March 26, 2007

Musings: Colorado Political Trends, Senate Speculation

One liberal suggests that Bill Owens is the only candidate that won't cause another GOP self-destruct. Why? He is not a "rightwingnut" conservative like Bob Schaffer.

Political Pale Horse, on the other hand, argues that a Bob Schaffer/Mark Udall showdown will offer Colorado the clear choice between a conservative and a liberal--with the conservative earning the victory. The editorial staff at the Grand Junction Sentinel, however, thinks Scott McInnis was typical of "centrist, Main Street Republicanism" that the GOP needed against the "formidable" Mark Udall. They put in another nod for former Gov. Bill Owens.

An interesting 2007 survey suggests that Colorado's ideological divide along party lines is actually quite stark--conservative Republicans and liberal Democrats--and might explain the tendency for the 2nd largest segment of Colorado's voting population to be unaffiliated independents who might have voting tendencies, but are otherwise estranged from both parties. The most recent numbers for voter registration by party (Feb. 2007):
In fact, in many of the largest counties the unaffiliated bloc constitutes a larger number than at least one of the two parties, and in a place like Boulder County, actually outnumbers registered members of both parties!

Citing the LATimes, one liberal writer notes that the nationwide shift toward the Democratic party signals the death knell for what he dubs "traditional" (fiscal) conservatives, leaving the GOP a party made up of only social conservatives. This ignores the vast majority of Republicans, libertarians and others committed to fiscal conservatism that are horrified by the Bush administration's spending, and would like to see a return to Reagan-era calls for lower taxes and restrained spending policies. An explanation for some Republicans jumping off the GOP bandwagon (and not necessarily switching over to the Democratic side) comes from this perception of fiscal irresponsibility.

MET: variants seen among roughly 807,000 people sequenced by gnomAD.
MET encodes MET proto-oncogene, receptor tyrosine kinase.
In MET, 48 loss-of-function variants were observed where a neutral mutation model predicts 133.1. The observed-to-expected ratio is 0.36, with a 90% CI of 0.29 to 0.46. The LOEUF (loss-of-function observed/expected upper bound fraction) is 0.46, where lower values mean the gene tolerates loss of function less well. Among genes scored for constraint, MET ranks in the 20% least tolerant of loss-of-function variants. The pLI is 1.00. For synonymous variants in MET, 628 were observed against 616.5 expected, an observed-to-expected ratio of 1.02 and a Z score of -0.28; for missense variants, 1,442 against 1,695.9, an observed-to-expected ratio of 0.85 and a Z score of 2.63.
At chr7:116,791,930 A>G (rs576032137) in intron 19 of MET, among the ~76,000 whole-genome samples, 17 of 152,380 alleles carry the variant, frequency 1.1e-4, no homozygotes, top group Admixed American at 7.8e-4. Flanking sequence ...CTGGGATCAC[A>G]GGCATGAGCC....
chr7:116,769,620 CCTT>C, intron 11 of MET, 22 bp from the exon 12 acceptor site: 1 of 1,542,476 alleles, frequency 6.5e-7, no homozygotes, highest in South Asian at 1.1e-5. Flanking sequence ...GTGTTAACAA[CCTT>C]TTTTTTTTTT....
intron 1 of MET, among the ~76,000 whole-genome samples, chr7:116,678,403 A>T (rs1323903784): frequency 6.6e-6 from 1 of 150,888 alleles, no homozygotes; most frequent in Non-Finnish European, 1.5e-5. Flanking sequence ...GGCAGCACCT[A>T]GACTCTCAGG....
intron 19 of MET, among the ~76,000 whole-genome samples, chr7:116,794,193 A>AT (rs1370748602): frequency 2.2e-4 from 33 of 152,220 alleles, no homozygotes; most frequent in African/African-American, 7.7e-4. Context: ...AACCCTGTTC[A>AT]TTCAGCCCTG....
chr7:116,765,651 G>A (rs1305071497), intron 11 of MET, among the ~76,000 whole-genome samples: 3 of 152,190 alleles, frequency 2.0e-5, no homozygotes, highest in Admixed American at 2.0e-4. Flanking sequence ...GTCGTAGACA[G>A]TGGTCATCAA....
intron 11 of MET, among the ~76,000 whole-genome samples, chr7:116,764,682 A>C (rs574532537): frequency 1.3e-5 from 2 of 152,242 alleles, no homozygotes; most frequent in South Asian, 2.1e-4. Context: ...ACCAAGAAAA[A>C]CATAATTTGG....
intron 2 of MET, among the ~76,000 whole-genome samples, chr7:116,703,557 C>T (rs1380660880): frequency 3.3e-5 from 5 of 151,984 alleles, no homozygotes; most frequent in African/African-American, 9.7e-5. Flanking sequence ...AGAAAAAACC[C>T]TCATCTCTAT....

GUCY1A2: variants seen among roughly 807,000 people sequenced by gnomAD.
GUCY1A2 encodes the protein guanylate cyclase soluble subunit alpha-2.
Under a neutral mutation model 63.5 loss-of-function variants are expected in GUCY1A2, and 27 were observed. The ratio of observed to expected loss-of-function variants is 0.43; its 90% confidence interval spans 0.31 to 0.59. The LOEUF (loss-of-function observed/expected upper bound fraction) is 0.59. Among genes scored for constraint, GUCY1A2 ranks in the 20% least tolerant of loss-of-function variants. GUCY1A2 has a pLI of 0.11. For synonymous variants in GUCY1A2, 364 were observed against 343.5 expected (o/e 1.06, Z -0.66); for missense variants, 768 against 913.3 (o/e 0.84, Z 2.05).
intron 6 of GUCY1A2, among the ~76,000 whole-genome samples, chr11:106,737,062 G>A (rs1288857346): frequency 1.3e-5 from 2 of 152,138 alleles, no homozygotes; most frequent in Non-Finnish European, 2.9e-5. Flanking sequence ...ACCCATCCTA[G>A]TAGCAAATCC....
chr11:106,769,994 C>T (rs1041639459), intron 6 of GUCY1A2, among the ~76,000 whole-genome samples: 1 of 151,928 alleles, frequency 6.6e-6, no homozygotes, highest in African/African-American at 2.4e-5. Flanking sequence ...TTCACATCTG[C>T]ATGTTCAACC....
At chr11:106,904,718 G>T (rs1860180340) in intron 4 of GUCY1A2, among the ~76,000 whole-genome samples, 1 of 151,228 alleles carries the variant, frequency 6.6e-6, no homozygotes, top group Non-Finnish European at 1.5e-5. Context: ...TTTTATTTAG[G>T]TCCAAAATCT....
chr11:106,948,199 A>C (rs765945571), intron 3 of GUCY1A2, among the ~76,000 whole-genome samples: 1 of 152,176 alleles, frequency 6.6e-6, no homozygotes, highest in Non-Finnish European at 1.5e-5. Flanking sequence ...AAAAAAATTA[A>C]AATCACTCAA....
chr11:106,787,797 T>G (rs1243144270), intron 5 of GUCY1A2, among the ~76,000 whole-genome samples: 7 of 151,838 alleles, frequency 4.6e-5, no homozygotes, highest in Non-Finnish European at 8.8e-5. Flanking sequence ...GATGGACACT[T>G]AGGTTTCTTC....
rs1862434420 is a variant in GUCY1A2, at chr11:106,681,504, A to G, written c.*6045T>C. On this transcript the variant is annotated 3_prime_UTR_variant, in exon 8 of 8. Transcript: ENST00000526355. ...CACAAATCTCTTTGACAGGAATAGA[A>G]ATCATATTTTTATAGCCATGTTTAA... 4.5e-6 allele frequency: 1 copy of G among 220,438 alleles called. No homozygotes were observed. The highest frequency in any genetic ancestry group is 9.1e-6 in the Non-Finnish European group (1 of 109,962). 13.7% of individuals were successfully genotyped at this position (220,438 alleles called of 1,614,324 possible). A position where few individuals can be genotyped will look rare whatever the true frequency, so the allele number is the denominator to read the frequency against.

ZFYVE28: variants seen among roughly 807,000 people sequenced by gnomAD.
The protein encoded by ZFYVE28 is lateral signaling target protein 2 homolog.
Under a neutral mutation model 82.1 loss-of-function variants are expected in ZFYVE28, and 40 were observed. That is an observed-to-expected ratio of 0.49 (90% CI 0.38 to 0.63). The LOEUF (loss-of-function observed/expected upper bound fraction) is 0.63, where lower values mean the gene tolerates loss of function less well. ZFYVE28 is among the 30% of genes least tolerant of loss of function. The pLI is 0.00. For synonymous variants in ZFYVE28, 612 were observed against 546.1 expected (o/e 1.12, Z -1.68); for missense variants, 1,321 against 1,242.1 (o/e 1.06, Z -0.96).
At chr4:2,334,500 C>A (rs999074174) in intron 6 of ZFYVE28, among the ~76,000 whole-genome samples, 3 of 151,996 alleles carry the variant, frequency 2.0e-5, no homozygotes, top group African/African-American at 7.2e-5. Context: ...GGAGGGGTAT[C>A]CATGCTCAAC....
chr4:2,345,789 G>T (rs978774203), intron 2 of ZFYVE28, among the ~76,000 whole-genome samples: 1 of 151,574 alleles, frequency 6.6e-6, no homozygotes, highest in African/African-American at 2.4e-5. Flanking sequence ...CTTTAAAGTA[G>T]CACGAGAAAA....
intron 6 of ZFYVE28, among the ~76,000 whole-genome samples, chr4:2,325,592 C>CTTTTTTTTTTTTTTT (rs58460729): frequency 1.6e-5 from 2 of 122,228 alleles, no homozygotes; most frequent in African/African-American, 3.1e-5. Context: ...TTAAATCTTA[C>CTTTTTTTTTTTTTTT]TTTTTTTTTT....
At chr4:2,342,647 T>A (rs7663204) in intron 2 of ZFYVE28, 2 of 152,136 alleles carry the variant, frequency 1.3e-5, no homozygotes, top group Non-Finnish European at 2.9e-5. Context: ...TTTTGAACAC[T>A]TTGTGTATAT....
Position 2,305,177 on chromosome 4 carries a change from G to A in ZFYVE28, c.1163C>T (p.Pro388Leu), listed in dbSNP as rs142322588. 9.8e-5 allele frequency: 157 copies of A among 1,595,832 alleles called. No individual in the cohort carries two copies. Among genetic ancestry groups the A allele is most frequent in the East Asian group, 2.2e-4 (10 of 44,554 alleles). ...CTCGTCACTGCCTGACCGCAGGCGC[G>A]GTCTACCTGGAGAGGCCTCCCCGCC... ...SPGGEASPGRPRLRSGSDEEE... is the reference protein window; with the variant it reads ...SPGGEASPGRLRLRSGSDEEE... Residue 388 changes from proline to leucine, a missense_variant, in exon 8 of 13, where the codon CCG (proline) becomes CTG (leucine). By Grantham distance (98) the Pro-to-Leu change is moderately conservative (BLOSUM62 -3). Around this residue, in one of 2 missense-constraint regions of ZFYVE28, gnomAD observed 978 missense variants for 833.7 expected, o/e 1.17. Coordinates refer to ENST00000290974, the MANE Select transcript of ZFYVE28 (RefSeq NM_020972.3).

The nationwide trend to Democrats could be explained by voter weariness of a Republican majority and President, backlash against the war by unaffiliated independents who at first rallied to the GOP after 9/11, or any other number of causes. The thought that what remains of the GOP is nothing but a socially conservative group of profligate spenders is quite a stretch.


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